A Little Controversy at a Presidential Inauguration
I am honored to have been asked by David Dooley to speak next week at his inauguration as President of the University of Rhode Island. President Dooley is familiar with some of my works and has heard me speak on a number of occasions. He felt my open view of the future along with my strong emphasis on human freedom and responsibility would fit well with the vision he has for URI. As I’ve heard him discuss this vision, I think he’s right, which is why I am excited to accept his invitation.
Well, it turns out that not everyone on campus is excited to have me come. In fact, some faculty may boycott the inauguration because of me. The controversy has led to several interesting interviews from local newspapers as well as an interview with the Chronicle of Higher Education. Expressing the concerns of some on campus, several reporters have asked me how I felt about the objection that having an “evangelical” pastor give an inauguration address on a secular campus blurred the lines between church and state. As I shared with these reporters, the charge is a bit ironic in that the controversy I’m usually associated with revolves around my emphatic insistence on the separation of church and state! At the same time, it seems to me that it enhances the message of diversity and open-mindedness for a secular university like URI to invite contributions from people of faith, so long as they can trust that these people won’t abuse their platform by promoting their particular faith. I assured them that the message I will deliver will be predicated on our shared humanity, not my particular theology.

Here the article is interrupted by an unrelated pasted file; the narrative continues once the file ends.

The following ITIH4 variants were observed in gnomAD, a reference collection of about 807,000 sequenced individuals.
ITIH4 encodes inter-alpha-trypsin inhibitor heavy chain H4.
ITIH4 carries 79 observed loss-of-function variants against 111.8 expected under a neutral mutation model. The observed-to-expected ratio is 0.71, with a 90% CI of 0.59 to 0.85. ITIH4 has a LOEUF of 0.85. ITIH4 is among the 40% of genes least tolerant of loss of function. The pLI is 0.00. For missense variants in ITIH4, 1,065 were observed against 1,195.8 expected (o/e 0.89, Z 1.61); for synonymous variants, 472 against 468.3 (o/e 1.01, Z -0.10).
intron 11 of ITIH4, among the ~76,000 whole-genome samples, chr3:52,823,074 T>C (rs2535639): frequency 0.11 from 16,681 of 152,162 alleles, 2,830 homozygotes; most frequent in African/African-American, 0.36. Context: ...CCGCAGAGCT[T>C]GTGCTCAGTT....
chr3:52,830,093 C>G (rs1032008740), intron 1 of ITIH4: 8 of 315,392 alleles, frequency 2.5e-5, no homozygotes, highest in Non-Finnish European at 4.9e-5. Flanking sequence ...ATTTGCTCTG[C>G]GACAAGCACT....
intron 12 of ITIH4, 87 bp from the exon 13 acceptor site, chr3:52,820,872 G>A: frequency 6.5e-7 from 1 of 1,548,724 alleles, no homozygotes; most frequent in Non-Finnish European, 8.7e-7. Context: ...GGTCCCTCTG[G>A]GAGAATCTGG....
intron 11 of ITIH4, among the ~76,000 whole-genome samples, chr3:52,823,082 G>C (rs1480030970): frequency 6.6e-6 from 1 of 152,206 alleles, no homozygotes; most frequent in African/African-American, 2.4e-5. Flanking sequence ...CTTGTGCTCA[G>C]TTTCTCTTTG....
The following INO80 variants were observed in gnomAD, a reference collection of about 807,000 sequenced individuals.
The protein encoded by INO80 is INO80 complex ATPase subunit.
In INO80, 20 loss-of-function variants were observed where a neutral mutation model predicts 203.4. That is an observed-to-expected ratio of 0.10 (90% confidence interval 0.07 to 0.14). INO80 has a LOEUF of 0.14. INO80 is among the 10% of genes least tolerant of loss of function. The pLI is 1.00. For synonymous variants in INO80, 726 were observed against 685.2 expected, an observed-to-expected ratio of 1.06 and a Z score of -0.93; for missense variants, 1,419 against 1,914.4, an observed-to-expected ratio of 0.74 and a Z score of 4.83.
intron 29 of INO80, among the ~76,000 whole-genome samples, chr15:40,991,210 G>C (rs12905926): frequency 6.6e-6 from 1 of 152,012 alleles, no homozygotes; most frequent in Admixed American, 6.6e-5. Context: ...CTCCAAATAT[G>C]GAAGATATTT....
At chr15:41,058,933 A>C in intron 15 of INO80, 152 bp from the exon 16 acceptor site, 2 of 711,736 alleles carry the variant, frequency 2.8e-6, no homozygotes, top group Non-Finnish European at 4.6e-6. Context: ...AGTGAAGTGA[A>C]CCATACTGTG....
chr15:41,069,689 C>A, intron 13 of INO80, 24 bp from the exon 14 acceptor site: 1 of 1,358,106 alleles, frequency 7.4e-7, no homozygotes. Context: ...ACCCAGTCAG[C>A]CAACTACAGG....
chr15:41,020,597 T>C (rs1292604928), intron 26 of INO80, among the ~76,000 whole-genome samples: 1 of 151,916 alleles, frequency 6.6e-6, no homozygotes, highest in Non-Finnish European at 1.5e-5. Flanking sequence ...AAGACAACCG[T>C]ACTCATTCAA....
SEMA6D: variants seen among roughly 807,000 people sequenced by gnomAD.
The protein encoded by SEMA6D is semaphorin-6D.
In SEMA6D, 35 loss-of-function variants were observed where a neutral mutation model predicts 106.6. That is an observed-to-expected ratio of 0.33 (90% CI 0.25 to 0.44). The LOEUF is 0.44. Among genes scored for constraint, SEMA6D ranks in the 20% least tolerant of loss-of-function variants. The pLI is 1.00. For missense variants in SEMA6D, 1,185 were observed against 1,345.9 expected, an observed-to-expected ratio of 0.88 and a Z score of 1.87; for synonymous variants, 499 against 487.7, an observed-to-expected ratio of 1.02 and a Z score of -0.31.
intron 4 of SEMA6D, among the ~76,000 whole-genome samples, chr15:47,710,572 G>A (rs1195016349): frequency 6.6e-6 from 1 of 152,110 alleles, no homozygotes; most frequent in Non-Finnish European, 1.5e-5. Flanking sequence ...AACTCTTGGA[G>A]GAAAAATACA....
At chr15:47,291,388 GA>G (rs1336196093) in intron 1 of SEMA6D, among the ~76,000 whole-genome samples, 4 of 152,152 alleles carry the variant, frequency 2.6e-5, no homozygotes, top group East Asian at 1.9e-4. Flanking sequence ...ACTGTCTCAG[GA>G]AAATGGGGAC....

I was also asked to respond to the concern of some that I might use this platform to speak against homosexuality. “Why on earth would I ever do that?” I emphatically responded to one reporter. The fact that this concern could even arise is a sad commentary on the damage done to the evangelical movement by the self-serving public judgmentalism of certain evangelical spokespeople. It’s one of the reasons I no longer identify myself as an “evangelical” until I know what the word means to a particular audience. Much of what is often associated with this label — including the self-righteous judgmentalism of gays — is stuff I’m adamantly against. As I told this reporter, my conviction is that Jesus calls his followers to consider their own shortcomings to be massive tree trunks sticking out of their eyes compared to the tiny dust particle imperfections they think they see in others (Mt 7:1-3).
“So how would you respond to gays and advocates for gays at the University of Rhode Island who are concerned about you coming?” one reporter asked. “I’d tell them that, however grieved they are by evangelicals who campaign against homosexuals, I am probably more so. And I’d confess, along with the apostle Paul, that I am the worst of sinners” (1 Tim. 1:16-16).
I’m looking forward to my time with the fine folks at URI. It should be interesting.